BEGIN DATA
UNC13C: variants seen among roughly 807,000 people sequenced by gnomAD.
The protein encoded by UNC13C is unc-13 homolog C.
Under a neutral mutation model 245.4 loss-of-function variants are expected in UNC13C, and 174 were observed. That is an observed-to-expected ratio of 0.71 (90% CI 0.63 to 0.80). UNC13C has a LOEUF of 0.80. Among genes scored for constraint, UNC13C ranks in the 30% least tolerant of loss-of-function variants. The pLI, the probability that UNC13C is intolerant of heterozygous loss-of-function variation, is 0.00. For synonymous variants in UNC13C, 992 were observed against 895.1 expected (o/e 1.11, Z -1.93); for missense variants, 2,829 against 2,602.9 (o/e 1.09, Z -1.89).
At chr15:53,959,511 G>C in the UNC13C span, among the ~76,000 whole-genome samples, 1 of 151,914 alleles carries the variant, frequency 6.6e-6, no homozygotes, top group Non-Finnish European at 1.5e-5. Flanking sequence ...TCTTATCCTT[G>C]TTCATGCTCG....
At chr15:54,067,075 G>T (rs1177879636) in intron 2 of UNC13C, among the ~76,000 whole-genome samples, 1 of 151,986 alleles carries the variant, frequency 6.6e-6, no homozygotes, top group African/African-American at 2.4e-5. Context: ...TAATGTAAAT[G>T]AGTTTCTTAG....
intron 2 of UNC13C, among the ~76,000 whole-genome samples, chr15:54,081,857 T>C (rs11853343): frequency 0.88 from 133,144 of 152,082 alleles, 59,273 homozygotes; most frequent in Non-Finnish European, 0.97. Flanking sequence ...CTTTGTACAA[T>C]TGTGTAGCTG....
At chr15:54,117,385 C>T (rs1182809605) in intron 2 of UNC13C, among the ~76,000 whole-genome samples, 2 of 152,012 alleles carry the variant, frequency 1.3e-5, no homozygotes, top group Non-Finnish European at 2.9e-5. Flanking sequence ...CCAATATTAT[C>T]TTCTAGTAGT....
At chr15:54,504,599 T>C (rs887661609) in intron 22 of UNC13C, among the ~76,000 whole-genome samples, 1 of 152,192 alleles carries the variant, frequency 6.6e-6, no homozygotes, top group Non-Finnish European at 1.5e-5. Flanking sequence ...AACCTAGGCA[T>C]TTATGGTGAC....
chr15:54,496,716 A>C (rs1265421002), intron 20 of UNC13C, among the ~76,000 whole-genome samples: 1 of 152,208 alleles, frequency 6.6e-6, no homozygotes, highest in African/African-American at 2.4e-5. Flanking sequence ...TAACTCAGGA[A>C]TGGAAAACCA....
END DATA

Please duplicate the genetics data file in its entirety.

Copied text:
UNC13C: variants seen among roughly 807,000 people sequenced by gnomAD.
The protein encoded by UNC13C is unc-13 homolog C.
Under a neutral mutation model 245.4 loss-of-function variants are expected in UNC13C, and 174 were observed. That is an observed-to-expected ratio of 0.71 (90% CI 0.63 to 0.80). UNC13C has a LOEUF of 0.80. Among genes scored for constraint, UNC13C ranks in the 30% least tolerant of loss-of-function variants. The pLI, the probability that UNC13C is intolerant of heterozygous loss-of-function variation, is 0.00. For synonymous variants in UNC13C, 992 were observed against 895.1 expected (o/e 1.11, Z -1.93); for missense variants, 2,829 against 2,602.9 (o/e 1.09, Z -1.89).
At chr15:53,959,511 G>C in the UNC13C span, among the ~76,000 whole-genome samples, 1 of 151,914 alleles carries the variant, frequency 6.6e-6, no homozygotes, top group Non-Finnish European at 1.5e-5. Flanking sequence ...TCTTATCCTT[G>C]TTCATGCTCG....
At chr15:54,067,075 G>T (rs1177879636) in intron 2 of UNC13C, among the ~76,000 whole-genome samples, 1 of 151,986 alleles carries the variant, frequency 6.6e-6, no homozygotes, top group African/African-American at 2.4e-5. Context: ...TAATGTAAAT[G>T]AGTTTCTTAG....
intron 2 of UNC13C, among the ~76,000 whole-genome samples, chr15:54,081,857 T>C (rs11853343): frequency 0.88 from 133,144 of 152,082 alleles, 59,273 homozygotes; most frequent in Non-Finnish European, 0.97. Flanking sequence ...CTTTGTACAA[T>C]TGTGTAGCTG....
At chr15:54,117,385 C>T (rs1182809605) in intron 2 of UNC13C, among the ~76,000 whole-genome samples, 2 of 152,012 alleles carry the variant, frequency 1.3e-5, no homozygotes, top group Non-Finnish European at 2.9e-5. Flanking sequence ...CCAATATTAT[C>T]TTCTAGTAGT....
At chr15:54,504,599 T>C (rs887661609) in intron 22 of UNC13C, among the ~76,000 whole-genome samples, 1 of 152,192 alleles carries the variant, frequency 6.6e-6, no homozygotes, top group Non-Finnish European at 1.5e-5. Flanking sequence ...AACCTAGGCA[T>C]TTATGGTGAC....
chr15:54,496,716 A>C (rs1265421002), intron 20 of UNC13C, among the ~76,000 whole-genome samples: 1 of 152,208 alleles, frequency 6.6e-6, no homozygotes, highest in African/African-American at 2.4e-5. Flanking sequence ...TAACTCAGGA[A>C]TGGAAAACCA....